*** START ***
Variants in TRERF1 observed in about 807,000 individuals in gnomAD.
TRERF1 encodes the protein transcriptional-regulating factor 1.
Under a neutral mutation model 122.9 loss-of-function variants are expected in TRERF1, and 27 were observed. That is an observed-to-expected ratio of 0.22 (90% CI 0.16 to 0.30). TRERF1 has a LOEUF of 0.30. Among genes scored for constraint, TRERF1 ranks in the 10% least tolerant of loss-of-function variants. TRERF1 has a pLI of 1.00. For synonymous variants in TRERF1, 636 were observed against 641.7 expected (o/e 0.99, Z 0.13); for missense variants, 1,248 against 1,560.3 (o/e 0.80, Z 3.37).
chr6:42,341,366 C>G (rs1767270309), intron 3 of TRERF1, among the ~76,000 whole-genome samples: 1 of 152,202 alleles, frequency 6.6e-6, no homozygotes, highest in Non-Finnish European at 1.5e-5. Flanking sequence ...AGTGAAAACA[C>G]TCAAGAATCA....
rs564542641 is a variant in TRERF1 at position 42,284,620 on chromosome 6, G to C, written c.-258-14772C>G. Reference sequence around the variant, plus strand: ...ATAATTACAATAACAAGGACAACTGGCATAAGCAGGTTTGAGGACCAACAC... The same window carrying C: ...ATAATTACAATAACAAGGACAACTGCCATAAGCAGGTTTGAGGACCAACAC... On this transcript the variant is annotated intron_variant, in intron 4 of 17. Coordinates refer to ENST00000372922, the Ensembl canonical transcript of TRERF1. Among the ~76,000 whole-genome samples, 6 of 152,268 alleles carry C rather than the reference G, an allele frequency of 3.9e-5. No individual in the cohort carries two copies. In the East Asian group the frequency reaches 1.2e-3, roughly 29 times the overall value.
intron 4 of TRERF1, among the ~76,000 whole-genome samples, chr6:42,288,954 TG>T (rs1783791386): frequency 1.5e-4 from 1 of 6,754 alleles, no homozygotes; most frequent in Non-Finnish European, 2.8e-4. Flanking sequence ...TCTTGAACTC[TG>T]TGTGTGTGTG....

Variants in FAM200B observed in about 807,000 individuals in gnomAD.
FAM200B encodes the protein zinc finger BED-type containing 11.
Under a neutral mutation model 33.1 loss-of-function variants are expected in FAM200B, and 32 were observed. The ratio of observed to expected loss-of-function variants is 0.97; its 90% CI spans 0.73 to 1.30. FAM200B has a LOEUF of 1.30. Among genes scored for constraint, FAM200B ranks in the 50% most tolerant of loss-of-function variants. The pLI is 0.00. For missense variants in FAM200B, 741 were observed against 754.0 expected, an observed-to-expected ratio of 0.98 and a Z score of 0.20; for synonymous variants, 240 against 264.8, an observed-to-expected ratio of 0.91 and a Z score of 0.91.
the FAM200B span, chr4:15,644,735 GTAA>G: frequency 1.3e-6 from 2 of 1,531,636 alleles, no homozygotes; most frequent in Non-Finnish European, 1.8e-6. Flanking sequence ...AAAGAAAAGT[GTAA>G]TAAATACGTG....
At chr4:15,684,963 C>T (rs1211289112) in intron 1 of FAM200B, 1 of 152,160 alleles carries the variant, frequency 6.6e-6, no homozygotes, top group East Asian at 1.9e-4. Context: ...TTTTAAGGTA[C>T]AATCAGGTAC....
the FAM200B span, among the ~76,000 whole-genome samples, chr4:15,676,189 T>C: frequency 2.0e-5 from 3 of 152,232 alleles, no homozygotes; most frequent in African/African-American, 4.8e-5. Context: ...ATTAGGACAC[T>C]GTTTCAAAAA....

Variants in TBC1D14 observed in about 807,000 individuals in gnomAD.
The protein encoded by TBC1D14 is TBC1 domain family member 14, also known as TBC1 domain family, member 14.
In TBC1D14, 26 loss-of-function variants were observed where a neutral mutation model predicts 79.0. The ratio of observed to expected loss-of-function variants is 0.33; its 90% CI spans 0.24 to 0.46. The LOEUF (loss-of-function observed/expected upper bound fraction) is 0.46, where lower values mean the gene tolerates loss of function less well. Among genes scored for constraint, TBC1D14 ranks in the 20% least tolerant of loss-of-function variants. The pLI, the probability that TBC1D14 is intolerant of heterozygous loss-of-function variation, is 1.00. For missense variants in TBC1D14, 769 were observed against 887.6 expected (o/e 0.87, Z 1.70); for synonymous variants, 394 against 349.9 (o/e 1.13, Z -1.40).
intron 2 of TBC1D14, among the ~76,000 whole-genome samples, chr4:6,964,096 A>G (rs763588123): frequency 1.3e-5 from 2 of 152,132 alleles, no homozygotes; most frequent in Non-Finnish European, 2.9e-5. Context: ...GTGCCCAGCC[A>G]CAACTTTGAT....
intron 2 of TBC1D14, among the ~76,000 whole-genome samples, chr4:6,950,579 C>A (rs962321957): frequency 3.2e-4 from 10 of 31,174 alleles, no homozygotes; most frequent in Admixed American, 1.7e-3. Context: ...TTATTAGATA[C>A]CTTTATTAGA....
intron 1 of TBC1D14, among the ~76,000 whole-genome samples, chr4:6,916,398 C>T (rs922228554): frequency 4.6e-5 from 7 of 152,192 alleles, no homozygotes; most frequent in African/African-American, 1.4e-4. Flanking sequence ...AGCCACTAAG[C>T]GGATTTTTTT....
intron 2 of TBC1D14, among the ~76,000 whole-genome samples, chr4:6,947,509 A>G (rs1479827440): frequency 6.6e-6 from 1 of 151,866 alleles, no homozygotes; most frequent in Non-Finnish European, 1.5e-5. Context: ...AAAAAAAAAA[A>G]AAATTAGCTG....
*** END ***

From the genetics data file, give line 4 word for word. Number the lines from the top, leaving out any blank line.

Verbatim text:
chr6:42,341,366 C>G (rs1767270309), intron 3 of TRERF1, among the ~76,000 whole-genome samples: 1 of 152,202 alleles, frequency 6.6e-6, no homozygotes, highest in Non-Finnish European at 1.5e-5. Flanking sequence ...AGTGAAAACA[C>G]TCAAGAATCA....